“A gracious woman retaineth honour” (Proverbs 11:16). A gracious woman is an honourable woman, and would retain her honour in two ways: (1) She would strive all her days to retain a virtuous and honourable character, even as a strong man would use his strength to protect and preserve his riches. (2) She retains it even after death, for a good name is as a precious ointment. She being dead yet speaketh.

How does one define graciousness? Well, a gracious woman is one who puts grace into action! Grace is an active ingredient, and cannot but express itself.

How does one gauge graciousness? Well, the Bible says that it is not by outward physical adornment. It is instructive that both the apostle Paul and the apostle Peter commented on this point in inspired Scripture.

Paul says:

“Let women adorn themselves in modest apparel, with shamefacedness and sobriety; not with braided hair, or gold, or pearls, or costly array, but (which becometh women professing godliness) with good works” (1 Tim 2:9).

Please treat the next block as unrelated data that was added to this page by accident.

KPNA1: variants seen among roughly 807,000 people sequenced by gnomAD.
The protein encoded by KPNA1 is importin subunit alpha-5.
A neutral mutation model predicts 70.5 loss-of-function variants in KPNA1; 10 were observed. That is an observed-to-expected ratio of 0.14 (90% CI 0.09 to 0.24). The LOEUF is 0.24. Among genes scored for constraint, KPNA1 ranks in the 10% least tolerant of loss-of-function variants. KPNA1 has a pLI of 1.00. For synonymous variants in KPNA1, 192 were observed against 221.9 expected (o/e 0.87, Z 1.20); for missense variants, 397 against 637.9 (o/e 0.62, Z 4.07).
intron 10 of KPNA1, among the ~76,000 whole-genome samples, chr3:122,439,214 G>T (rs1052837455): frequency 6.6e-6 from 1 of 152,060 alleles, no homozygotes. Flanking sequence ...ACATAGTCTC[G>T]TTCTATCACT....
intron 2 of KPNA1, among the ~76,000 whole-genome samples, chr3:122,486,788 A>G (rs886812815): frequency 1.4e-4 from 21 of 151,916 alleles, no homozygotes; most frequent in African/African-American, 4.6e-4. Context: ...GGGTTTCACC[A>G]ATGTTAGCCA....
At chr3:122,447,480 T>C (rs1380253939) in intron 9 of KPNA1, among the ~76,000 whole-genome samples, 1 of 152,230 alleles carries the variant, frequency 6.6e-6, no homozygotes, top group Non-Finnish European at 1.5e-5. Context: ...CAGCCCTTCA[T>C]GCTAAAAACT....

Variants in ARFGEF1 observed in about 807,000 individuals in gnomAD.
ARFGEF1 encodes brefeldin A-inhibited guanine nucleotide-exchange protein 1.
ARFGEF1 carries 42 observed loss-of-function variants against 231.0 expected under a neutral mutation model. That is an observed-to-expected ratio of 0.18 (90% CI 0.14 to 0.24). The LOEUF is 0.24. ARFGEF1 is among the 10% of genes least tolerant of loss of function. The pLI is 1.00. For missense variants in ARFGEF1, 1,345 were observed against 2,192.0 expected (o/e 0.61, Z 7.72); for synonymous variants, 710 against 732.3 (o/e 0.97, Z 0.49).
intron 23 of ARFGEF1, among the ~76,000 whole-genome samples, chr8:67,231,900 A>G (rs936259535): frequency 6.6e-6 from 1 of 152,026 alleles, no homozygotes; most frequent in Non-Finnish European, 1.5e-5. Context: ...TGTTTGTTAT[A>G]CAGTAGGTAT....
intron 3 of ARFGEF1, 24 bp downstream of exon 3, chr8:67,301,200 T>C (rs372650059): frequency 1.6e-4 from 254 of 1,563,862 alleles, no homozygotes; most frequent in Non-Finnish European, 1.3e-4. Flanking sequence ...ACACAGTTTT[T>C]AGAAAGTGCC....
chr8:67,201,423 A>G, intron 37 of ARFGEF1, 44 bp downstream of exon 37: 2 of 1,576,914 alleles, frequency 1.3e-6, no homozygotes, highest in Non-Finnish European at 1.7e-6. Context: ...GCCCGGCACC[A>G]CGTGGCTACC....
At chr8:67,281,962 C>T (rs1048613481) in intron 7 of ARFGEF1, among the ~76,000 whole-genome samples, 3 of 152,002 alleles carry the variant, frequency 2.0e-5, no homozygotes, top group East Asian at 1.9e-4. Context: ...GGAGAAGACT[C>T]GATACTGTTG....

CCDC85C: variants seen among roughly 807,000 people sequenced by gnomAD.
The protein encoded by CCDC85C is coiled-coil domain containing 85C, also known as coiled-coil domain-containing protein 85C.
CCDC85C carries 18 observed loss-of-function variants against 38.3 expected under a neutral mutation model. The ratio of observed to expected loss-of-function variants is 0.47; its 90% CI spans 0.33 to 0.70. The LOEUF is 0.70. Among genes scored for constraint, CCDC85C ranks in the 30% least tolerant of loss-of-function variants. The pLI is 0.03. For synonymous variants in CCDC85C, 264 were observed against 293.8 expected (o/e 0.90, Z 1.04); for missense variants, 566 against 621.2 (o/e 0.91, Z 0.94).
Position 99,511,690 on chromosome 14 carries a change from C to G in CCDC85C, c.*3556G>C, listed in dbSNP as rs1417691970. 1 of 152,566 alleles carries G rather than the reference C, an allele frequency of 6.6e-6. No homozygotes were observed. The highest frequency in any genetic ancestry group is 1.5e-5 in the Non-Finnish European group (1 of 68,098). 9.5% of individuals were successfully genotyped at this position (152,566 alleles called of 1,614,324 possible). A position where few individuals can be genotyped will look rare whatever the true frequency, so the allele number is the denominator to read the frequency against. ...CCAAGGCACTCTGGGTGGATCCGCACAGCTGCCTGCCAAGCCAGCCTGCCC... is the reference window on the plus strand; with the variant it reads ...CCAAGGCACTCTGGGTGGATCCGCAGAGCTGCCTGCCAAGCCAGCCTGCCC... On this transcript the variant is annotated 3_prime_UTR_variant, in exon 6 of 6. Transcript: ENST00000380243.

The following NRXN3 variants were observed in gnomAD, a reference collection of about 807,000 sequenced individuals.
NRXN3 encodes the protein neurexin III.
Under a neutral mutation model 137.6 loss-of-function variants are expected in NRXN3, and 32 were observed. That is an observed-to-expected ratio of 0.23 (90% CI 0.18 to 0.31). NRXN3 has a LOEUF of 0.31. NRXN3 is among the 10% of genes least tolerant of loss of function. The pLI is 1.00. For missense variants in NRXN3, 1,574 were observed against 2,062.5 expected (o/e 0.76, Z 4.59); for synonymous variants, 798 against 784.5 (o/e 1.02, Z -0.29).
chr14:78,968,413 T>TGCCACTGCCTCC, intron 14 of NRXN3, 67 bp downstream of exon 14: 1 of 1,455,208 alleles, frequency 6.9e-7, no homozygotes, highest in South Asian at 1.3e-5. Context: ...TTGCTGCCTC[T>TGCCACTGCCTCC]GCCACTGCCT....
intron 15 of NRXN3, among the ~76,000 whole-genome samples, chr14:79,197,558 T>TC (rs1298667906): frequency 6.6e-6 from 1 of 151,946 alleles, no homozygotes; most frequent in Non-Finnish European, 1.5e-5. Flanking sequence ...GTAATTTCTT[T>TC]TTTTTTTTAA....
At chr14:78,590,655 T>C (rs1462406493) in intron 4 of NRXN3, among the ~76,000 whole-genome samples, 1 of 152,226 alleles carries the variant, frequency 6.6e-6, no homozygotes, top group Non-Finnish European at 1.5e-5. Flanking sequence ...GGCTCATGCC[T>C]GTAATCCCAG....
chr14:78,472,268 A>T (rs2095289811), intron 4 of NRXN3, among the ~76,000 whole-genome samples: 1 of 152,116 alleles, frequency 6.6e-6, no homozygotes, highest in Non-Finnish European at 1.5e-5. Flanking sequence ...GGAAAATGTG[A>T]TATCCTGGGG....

Peter confirms:

“Whose adorning let it not be that outward adorning of plaiting the hair, and of wearing of gold, or of putting on of apparel; but let it be the hidden man of the heart, in that which is not corruptible, even the ornament of a meek and quiet spirit, which in the sight of God is of great price” (1 Pet 3:3, 4).

Notice Paul and Peter are of one mind about this. Now, the worldly woman will use all that you read in Isaiah 3:18, and there is no doubt that they are successful in presenting an allurement of fleshly beauty.

There are many staggeringly beautiful women about, and Christian women should be aware of temptations that surround their husbands, for David was not above that kind of temptation.

A Christian woman is to keep herself attractive to her husband, but above all to have this real beauty of a gracious spirit and manner. Remember, it is not the bodily form that will capture a spiritual man, but an unpretentious, simple, gracious nature exuding the love of God!